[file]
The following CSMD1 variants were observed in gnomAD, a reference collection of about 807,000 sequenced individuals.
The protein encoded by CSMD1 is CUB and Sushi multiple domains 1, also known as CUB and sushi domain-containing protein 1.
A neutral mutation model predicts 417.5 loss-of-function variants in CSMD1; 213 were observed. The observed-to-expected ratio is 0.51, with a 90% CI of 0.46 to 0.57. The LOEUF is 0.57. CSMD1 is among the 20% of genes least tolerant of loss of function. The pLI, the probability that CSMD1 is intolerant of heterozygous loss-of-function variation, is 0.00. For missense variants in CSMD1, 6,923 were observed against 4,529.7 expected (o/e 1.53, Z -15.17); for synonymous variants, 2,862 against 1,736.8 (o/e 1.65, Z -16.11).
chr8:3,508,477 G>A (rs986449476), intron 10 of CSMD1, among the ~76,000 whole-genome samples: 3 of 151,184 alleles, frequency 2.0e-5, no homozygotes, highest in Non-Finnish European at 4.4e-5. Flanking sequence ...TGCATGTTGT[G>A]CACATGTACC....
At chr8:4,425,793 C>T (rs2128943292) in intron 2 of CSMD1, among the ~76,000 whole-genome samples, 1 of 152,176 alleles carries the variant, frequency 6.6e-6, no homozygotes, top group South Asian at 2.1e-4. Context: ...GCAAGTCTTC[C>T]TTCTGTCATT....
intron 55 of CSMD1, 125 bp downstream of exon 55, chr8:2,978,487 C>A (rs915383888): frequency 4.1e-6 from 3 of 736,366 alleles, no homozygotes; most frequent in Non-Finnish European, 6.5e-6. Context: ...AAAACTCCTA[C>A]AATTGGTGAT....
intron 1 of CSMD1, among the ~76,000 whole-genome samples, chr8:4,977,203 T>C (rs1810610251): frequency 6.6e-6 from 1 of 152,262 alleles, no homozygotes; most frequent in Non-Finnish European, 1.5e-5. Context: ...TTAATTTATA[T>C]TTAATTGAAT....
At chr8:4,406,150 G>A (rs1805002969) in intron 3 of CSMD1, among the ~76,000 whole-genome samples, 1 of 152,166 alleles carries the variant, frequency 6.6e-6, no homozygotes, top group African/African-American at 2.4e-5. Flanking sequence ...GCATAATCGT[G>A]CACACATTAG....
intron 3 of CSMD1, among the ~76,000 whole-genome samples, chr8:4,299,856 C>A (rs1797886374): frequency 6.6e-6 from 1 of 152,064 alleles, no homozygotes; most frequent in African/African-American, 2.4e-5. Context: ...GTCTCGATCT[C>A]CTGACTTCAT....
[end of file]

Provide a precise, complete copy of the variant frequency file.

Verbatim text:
The following CSMD1 variants were observed in gnomAD, a reference collection of about 807,000 sequenced individuals.
The protein encoded by CSMD1 is CUB and Sushi multiple domains 1, also known as CUB and sushi domain-containing protein 1.
A neutral mutation model predicts 417.5 loss-of-function variants in CSMD1; 213 were observed. The observed-to-expected ratio is 0.51, with a 90% CI of 0.46 to 0.57. The LOEUF is 0.57. CSMD1 is among the 20% of genes least tolerant of loss of function. The pLI, the probability that CSMD1 is intolerant of heterozygous loss-of-function variation, is 0.00. For missense variants in CSMD1, 6,923 were observed against 4,529.7 expected (o/e 1.53, Z -15.17); for synonymous variants, 2,862 against 1,736.8 (o/e 1.65, Z -16.11).
chr8:3,508,477 G>A (rs986449476), intron 10 of CSMD1, among the ~76,000 whole-genome samples: 3 of 151,184 alleles, frequency 2.0e-5, no homozygotes, highest in Non-Finnish European at 4.4e-5. Flanking sequence ...TGCATGTTGT[G>A]CACATGTACC....
At chr8:4,425,793 C>T (rs2128943292) in intron 2 of CSMD1, among the ~76,000 whole-genome samples, 1 of 152,176 alleles carries the variant, frequency 6.6e-6, no homozygotes, top group South Asian at 2.1e-4. Context: ...GCAAGTCTTC[C>T]TTCTGTCATT....
intron 55 of CSMD1, 125 bp downstream of exon 55, chr8:2,978,487 C>A (rs915383888): frequency 4.1e-6 from 3 of 736,366 alleles, no homozygotes; most frequent in Non-Finnish European, 6.5e-6. Context: ...AAAACTCCTA[C>A]AATTGGTGAT....
intron 1 of CSMD1, among the ~76,000 whole-genome samples, chr8:4,977,203 T>C (rs1810610251): frequency 6.6e-6 from 1 of 152,262 alleles, no homozygotes; most frequent in Non-Finnish European, 1.5e-5. Context: ...TTAATTTATA[T>C]TTAATTGAAT....
At chr8:4,406,150 G>A (rs1805002969) in intron 3 of CSMD1, among the ~76,000 whole-genome samples, 1 of 152,166 alleles carries the variant, frequency 6.6e-6, no homozygotes, top group African/African-American at 2.4e-5. Flanking sequence ...GCATAATCGT[G>A]CACACATTAG....
intron 3 of CSMD1, among the ~76,000 whole-genome samples, chr8:4,299,856 C>A (rs1797886374): frequency 6.6e-6 from 1 of 152,064 alleles, no homozygotes; most frequent in African/African-American, 2.4e-5. Context: ...GTCTCGATCT[C>A]CTGACTTCAT....